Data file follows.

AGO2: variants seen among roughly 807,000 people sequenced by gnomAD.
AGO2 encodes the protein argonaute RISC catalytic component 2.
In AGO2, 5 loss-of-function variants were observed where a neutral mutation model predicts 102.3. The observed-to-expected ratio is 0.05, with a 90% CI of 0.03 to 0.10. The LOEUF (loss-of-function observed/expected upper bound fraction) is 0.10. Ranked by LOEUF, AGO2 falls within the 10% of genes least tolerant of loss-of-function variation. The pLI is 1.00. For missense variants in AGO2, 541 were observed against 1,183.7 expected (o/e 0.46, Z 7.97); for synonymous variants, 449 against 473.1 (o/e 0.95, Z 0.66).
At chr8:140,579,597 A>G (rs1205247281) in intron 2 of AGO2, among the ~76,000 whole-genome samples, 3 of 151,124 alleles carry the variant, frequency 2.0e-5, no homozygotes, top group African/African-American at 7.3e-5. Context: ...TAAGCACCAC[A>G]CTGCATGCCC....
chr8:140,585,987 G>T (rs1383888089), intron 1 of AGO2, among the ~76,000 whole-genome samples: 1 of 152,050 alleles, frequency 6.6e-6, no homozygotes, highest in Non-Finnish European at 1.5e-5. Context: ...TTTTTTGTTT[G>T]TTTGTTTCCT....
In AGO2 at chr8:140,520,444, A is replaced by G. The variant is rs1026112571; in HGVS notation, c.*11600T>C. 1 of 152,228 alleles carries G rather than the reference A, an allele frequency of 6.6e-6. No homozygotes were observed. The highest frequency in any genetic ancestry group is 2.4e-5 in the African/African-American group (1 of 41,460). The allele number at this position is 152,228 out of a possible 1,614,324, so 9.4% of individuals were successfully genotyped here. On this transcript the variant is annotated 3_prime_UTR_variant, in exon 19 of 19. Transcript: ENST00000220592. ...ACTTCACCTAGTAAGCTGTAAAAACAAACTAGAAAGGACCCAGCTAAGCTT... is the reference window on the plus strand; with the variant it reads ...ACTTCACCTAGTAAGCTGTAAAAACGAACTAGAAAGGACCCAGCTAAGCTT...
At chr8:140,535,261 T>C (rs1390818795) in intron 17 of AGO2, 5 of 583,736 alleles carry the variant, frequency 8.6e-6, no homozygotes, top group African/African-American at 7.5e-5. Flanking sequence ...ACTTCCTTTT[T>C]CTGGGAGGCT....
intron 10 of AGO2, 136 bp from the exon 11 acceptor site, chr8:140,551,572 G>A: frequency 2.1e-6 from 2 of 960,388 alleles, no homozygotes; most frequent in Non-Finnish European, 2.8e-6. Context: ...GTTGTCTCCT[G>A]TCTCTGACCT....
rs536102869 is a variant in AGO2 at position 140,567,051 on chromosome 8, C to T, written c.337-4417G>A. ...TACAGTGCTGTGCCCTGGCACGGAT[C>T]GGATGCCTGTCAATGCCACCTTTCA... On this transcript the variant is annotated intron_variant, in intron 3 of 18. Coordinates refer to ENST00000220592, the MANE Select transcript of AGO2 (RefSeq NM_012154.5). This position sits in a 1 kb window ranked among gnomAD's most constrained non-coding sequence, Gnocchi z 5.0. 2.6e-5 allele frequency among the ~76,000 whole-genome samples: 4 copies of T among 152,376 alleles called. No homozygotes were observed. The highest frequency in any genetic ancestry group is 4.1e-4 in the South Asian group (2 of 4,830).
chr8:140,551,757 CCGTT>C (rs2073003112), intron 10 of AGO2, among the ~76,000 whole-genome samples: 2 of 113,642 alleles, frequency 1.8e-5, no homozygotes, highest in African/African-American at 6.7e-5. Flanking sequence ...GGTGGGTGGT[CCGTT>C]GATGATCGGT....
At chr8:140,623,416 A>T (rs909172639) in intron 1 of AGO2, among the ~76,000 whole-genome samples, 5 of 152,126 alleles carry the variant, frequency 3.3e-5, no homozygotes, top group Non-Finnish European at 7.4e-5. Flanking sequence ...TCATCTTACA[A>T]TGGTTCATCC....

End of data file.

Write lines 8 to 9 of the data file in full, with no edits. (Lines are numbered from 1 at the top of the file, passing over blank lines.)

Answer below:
intron 10 of AGO2, 136 bp from the exon 11 acceptor site, chr8:140,551,572 G>A: frequency 2.1e-6 from 2 of 960,388 alleles, no homozygotes; most frequent in Non-Finnish European, 2.8e-6. Context: ...GTTGTCTCCT[G>A]TCTCTGACCT....
rs536102869 is a variant in AGO2 at position 140,567,051 on chromosome 8, C to T, written c.337-4417G>A. ...TACAGTGCTGTGCCCTGGCACGGAT[C>T]GGATGCCTGTCAATGCCACCTTTCA... On this transcript the variant is annotated intron_variant, in intron 3 of 18. Coordinates refer to ENST00000220592, the MANE Select transcript of AGO2 (RefSeq NM_012154.5). This position sits in a 1 kb window ranked among gnomAD's most constrained non-coding sequence, Gnocchi z 5.0. 2.6e-5 allele frequency among the ~76,000 whole-genome samples: 4 copies of T among 152,376 alleles called. No homozygotes were observed. The highest frequency in any genetic ancestry group is 4.1e-4 in the South Asian group (2 of 4,830).